And does anyone even understand what I just asked, cause I am not sure I understand it...
*takes deep breath to quit hyperventilating*

ry briefed on December 8, 2006 05:55 AM

Rushing states it better than I can. 'Acts don't match message.' If they think we're exactly like the regimes they've lived with there's nothing stopping them from throwing support to someone who is THe Big Guy on The Block. There's no moral or ideological difference so why not go with the guy who is controlling the streets, and then switch loyalties if it earns me a couple of bucks and keeps my family safe? They're all lying bastiches who use the people and abandone them when it suits----that's the message it sends, or can send.

And in case you keep missing what I'm saying about the talk to Iran and Syria thing: losing the domestic US audience means game over, Last Helicopter Outta Saigon all over again. It matters Maggs.

I could give a flaming crap about what the MSM does. I hated English and Communications majors when I was an undergrad because I thought they were useless twits unable to think about anything other than 'am I being paid attention to?' with all their concern about having great leads and 'hooks' in their writing. Just because they're jerks who don't care about the ramifications doesn't mean there aren't any and WE should worry about same. They can go screwball themselves. But acting like them does breed cynicism---look at how we think of the media.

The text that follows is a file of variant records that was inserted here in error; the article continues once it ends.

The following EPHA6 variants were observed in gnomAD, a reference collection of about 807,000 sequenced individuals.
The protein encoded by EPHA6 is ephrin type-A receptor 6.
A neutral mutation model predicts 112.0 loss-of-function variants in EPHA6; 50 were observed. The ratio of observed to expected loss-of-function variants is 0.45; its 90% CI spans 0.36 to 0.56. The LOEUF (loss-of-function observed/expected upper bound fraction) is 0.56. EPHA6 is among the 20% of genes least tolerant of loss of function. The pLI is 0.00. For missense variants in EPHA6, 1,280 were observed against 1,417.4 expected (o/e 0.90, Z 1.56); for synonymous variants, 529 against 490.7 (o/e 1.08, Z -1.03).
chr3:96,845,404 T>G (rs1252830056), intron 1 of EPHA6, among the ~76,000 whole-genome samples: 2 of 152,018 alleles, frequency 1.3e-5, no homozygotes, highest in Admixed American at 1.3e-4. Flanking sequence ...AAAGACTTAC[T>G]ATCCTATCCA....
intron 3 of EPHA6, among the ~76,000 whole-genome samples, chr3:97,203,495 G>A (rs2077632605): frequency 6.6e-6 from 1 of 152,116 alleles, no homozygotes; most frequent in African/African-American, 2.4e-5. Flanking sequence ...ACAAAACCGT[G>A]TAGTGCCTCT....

I think I get what you're asking Cricket, but not the expert you want the answer from. You're asking if a commander wants some real understanding of the region and the culture he's about to deploy into? Foreign Affairs Officers exist. So I'd say yes. THere's even an institutional slot to make sure such knowledge is available. But I'm not ex-military so you might want someone to corroborate or totally destroy my answer before you accept it.

Cricket briefed on December 8, 2006 07:57 AM

But even FAOs are suspect. Journalism is about
integrity in recording history. To be fair, one does have to report the other side, but outright
lies? Is that Al Jazeera's perception of us, or
propaganda based on an agenda?

The Rathergate scandal led to a victory in the elections for our side, but that was a case of bloggers hollering foul loud enough that the MSM couldn't ignore it.

Those who point out factual errors within the theopolitics of Islam are silenced. Let us look at Al Jazeera's take on the Flying Imams.

So does Al Jazeera have an American posterboy to
silence criticism or to explain cultural differences or spin?

And I appreciated your answer, Ry. I would call that honest.